USD CAD: This Is Bad News for the Canadian Dollar

Canadian DollarThere’s more bad news for the Canadian dollar. The latest report suggests that Canada’s economy failed to grow in October. With resource prices in the doldrums, there is no sign of a bottom for the CAD/USD exchange rate.

Canada’s Real GDP Remained Flat in October

On Wednesday, December 23, Statistics Canada released gross domestic product (GDP) numbers for October 2015. According to the report, real GDP in Canada was unchanged in October after falling 0.5% in September. While there were gains in mining, quarrying, oil and gas extraction, and the public sector, they were offset by declining manufacturing, utilities, and retail trade. (Source: Statistics Canada, “Gross domestic product by industry, October 2015,” The Daily, December 23, 2015.)

The report was disappointing because economists were expecting a recovery of 0.3% to 0.4% in that particular period. Note that the Canadian economy contracted in the first half of this year—and sluggish results in October could signal another economic downturn.

CAD to USD: More Easing from Bank of Canada?

According to Nick Exarhos from CIBC, this could also mean more easing from Canada’s central bank: “All told, a weak set of results, which has us now looking at nearly no growth in Q4, increasing the odds of another Bank of Canada ease.” (Source: Isfeld, G., “Canada’s economy unexpectedly stalls, setting uncertain tone for end of the year,” Financial Post, December 23, 2015.)


This would not be good for the CAD to USD exchange rate, as the two nations’ central banks are pursuing quite the opposite in monetary policies. The U.S. Federal Reserve just raised its benchmark interest rate by 25 basis points, marking the first rate hike since the financial crisis.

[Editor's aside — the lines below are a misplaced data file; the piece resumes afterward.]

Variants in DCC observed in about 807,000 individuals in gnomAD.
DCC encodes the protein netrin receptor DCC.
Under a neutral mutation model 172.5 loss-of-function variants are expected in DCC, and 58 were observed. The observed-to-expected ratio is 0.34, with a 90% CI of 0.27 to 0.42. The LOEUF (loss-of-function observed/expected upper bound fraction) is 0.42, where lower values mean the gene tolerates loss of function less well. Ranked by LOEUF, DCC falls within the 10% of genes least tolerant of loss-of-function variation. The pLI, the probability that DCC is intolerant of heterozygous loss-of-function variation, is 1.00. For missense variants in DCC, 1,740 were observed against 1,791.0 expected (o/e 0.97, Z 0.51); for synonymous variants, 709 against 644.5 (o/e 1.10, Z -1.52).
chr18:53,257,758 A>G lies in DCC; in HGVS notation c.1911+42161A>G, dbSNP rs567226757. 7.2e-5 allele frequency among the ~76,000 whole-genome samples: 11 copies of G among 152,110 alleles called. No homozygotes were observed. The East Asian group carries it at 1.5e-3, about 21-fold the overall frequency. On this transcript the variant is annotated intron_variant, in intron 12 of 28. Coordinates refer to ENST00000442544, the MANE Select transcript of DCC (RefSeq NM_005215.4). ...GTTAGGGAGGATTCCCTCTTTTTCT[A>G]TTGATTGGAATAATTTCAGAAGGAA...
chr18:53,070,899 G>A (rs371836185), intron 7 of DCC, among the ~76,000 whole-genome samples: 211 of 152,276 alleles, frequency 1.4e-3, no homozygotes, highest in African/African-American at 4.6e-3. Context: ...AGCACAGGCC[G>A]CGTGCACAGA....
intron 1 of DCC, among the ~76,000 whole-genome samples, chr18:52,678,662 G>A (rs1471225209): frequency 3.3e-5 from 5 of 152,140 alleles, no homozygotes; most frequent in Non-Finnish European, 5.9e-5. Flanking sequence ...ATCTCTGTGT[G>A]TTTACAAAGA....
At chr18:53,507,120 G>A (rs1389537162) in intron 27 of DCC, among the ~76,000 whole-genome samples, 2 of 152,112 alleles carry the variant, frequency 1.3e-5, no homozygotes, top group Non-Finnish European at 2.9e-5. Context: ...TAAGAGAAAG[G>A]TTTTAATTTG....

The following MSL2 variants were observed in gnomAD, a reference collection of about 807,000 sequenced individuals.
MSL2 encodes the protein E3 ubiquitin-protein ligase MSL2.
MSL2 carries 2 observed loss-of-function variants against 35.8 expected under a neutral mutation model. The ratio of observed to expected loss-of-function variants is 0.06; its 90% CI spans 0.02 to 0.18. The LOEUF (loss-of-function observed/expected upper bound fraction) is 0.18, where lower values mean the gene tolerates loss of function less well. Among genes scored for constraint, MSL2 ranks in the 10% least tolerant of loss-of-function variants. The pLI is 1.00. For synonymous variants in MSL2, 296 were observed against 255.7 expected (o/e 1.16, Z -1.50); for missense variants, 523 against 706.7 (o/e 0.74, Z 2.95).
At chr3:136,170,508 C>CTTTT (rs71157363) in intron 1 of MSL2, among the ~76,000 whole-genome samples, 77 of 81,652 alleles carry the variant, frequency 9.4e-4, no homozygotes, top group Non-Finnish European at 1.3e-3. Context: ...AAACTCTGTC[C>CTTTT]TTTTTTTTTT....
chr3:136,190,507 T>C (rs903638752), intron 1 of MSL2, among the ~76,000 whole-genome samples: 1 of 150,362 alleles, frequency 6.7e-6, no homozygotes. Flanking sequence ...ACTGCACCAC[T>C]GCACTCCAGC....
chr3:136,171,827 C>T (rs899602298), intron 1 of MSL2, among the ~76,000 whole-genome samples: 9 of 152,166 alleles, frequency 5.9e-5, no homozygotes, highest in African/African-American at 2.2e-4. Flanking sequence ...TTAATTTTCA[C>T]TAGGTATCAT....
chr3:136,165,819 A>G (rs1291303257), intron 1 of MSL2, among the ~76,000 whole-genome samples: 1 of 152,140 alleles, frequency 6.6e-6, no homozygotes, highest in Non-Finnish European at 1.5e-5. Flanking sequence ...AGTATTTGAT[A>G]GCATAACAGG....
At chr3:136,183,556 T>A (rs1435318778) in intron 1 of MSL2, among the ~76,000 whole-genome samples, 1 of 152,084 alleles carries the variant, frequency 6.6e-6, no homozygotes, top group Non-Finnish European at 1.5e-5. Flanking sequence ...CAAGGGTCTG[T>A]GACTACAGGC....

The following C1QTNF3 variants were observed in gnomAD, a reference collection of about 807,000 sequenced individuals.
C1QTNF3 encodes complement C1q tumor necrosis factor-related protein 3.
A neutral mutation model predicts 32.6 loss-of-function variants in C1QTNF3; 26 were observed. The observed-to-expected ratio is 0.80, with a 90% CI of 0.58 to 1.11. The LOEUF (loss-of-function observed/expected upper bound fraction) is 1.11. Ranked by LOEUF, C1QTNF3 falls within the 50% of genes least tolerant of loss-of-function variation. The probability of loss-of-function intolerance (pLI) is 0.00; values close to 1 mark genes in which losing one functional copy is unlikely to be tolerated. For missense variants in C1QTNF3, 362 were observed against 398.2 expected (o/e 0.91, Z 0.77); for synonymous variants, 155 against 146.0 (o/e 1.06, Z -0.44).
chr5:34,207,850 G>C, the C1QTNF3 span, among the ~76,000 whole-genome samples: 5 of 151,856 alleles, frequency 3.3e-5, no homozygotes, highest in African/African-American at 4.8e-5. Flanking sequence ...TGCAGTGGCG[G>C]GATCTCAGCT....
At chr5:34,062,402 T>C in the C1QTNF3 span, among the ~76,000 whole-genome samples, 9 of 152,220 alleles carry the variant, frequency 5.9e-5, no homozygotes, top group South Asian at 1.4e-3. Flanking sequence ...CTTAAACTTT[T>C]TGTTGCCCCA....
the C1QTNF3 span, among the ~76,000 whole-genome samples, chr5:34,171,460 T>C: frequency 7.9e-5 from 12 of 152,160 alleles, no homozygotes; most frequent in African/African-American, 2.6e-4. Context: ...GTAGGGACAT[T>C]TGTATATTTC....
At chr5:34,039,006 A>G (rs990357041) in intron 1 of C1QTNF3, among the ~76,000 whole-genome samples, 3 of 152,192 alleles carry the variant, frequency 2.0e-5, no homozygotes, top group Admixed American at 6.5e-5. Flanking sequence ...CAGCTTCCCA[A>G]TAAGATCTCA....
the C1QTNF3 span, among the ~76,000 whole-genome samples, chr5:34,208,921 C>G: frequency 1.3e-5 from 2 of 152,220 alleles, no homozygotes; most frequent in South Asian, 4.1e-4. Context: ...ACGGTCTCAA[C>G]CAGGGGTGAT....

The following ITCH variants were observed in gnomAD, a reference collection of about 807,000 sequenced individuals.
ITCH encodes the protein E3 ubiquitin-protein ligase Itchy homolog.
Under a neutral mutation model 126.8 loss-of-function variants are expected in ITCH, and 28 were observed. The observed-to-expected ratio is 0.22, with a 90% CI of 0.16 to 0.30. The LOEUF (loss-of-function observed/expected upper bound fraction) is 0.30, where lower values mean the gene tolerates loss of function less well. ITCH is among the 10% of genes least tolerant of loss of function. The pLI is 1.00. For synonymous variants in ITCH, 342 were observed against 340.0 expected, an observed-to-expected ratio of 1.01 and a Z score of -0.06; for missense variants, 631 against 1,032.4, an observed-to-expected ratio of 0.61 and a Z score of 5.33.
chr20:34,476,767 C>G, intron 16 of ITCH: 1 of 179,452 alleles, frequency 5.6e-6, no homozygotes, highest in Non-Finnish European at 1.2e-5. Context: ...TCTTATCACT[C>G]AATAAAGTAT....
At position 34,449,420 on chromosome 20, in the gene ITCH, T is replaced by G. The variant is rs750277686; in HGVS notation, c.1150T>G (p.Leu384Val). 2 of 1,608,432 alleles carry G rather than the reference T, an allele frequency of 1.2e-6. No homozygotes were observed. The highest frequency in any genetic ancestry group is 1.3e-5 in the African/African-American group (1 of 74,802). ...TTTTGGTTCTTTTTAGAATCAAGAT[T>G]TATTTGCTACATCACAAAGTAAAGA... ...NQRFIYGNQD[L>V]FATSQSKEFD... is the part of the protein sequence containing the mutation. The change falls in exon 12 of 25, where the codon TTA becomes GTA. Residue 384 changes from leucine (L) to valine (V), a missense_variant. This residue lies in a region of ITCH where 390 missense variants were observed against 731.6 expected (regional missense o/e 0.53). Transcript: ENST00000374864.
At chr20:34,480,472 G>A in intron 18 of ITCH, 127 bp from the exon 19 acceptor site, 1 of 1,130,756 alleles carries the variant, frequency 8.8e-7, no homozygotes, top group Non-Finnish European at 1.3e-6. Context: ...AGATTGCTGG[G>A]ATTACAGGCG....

Growth-wise, Canada is lagging behind the U.S. as well. “This soft GDP report pretty much sums up 2015: The economy quite simply struggled to grow at all this year, and any gains were of the most meagre variety and were well below expectations,” said BMO chief economist Douglas Porter.

The U.S. economy, on the other hand, has performed better than expected. On Tuesday, December 22, the U.S. Bureau of Economic Analysis released the third estimate for the country’s GDP in the third quarter of 2015. According to the report, real GDP in the U.S. increased at an annual rate of 2.0% in the period, beating the expected 1.9%. (Source: “National Income and Product Accounts, Gross Domestic Product: Third Quarter 2015, Corporate Profits: Third Quarter 2015,” Bureau of Economic Analysis web site, December 22, 2015.)

With the two economies heading in different directions and the two central banks adopting different policies, the outlook for the CAD/USD exchange rate is gloomy going into 2016.

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